Books from the 1970s on dance, illustrated in black and white and (sparingly) in colour, always devote at least one of those colour pages to Alwin Nikolais. They had to: he choreographed as much for the lighting as for his dancers. Spots, stripes and blocks of colour turn the bodies underneath into abstract groups and squiggles. Film it in black and white, and half the show would vanish.
Nikolais died in 1993. His dance company no longer exists, and these multi-media works aren't part of the mainstream repertory. These Edinburgh Festival performances are by the Ririe-Woodbury Dance Company, founded in Utah by two of his former students. The dancers are impressively secure, clear and steady in Nikolais's slow-motion groupings.
The dances are all from the 1950s, Nikolais' breakthrough period, or the 1980s, when he was receiving commissions as a grand old man of American dance. The early works are stronger: more concise, more confident.
They're also clearly rooted in modern dance traditions. Nikolais was reacting against the psychological dramas of Martha Graham, but still borrowed a few steps and costume ideas. In Lythic, four women jump about in stretch jersey tube skirts and priestess head-dresses.
There are more stretch tubes in Noumenon Mobilus and the dancers sit and rock on benches, just like Graham's Lamentation. Rather than expressing emotion, though, Nikolais uses the fabric to make his dancers vanish. As they bend and tug, the costumes make geometric shapes, with hands and heads suddenly bulging out of smooth surfaces.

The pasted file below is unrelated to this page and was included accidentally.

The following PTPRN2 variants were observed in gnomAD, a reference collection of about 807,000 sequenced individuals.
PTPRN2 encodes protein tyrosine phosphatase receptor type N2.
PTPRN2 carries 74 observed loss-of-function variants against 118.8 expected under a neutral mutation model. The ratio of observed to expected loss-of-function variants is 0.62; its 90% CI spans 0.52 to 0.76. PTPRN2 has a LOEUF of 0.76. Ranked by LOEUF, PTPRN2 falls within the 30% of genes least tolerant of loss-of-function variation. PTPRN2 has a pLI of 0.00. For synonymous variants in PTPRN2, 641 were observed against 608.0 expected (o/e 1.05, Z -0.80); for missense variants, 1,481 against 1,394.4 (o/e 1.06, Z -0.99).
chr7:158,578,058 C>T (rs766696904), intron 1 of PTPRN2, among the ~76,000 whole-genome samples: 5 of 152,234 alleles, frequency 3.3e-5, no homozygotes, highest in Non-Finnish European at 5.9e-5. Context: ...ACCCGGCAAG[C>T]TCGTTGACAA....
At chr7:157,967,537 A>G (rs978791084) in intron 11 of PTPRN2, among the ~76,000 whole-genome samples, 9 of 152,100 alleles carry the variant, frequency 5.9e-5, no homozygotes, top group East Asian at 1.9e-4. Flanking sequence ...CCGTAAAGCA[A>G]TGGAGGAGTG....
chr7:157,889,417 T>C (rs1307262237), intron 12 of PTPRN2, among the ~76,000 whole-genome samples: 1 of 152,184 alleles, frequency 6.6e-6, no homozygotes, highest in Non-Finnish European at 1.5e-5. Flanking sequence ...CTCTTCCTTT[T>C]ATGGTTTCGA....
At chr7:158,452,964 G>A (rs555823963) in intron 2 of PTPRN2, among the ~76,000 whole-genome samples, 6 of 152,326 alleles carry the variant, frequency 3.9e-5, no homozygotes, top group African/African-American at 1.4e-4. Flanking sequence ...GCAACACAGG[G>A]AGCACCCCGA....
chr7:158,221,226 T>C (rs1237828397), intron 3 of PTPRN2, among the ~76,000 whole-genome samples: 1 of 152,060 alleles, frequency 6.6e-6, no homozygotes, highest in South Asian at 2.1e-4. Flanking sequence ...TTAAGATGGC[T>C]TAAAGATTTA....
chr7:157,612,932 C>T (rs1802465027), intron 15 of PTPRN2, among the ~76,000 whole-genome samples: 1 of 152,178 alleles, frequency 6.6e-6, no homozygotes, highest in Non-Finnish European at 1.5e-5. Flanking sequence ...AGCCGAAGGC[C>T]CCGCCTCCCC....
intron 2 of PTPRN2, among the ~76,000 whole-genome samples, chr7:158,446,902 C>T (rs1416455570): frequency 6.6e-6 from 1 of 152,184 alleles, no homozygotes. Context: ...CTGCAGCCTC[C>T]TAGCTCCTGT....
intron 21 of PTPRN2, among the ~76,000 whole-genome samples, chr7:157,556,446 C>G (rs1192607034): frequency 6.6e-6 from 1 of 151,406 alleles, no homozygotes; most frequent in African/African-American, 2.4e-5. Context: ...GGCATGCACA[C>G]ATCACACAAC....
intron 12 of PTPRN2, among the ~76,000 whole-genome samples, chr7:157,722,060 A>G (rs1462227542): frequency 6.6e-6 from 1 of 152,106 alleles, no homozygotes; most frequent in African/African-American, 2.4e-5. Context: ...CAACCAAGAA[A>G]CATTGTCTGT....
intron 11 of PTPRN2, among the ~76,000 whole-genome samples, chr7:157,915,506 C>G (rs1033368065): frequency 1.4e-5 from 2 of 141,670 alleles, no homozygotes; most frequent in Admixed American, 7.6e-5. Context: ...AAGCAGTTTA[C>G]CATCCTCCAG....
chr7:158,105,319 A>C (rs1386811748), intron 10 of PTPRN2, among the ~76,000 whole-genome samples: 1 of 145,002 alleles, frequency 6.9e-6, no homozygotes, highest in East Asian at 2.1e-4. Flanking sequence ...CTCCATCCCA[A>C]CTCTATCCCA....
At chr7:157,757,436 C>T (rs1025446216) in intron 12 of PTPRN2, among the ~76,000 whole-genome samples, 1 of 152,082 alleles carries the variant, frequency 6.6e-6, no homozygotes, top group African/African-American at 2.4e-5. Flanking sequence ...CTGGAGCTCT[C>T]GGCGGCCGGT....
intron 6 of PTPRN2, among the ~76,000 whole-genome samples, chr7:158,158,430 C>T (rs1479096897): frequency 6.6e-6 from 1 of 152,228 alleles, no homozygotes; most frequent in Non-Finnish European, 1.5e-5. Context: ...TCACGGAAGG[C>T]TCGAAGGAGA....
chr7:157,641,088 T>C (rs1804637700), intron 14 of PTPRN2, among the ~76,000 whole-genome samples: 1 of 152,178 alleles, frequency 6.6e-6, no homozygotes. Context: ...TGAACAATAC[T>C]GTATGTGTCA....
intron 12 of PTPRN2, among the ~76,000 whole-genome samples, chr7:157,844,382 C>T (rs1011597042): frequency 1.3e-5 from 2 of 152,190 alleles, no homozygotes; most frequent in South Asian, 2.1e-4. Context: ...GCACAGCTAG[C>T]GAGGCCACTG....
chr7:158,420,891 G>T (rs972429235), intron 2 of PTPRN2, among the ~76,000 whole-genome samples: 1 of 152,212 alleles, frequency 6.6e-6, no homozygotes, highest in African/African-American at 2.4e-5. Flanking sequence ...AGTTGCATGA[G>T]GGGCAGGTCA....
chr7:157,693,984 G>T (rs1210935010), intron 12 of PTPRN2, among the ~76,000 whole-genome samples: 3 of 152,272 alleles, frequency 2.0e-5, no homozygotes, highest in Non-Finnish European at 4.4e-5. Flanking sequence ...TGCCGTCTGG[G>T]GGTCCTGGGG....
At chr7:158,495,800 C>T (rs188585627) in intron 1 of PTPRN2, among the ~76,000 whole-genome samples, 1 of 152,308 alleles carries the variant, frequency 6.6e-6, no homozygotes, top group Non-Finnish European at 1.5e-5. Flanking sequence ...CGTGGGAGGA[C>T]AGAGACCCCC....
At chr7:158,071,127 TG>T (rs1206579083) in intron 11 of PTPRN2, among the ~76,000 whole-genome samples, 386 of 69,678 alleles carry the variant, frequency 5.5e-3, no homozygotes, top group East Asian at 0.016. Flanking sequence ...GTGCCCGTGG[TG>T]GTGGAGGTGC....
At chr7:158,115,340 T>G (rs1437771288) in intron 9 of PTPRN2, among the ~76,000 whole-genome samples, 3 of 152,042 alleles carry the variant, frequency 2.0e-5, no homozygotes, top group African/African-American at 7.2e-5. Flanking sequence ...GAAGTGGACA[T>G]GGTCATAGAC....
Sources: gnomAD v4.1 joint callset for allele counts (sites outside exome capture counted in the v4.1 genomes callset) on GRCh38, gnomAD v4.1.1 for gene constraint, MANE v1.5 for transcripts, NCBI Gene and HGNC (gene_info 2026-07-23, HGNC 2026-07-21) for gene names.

By the 1980s Nikolais was allowing his dancers to be human, or nearly so. The white-clad figures of Blank on Blank are simply lit and they have duets and group dances. But the dancers move like automata, jerking and staring with blank eyes.
The music is still electronic clicks and drones, but in the later works it's slightly tuneful. In Mechanical Organ (1980) the dancers are doll-like, hopping and skipping through winsome duets. Crucible (1985) is a return to artfully-lit abstraction. The dancers cautiously lift fingers, then limbs over the edge of a mirrored surface.
Tensile Involvement (1955) is bolder. The dancers run on with broad, elastic ribbons. It's a cat's-cradle dance: they pull the elastic into taut boxes, or fill the stage with larger designs. I can't help thinking of another cat's-cradle dance, a duet in Ashton's La Fille Mal Gardée. When Ashton's ribbon pattern is revealed, audiences gasp and applaud with pleasure. That's because it's a surprise, a wonder. Nikolais starts out with a cat's cradle, then doggedly works out variations on it. He's a smoke-and-mirrors choreographer, but there are no transformations in these works.Reuse content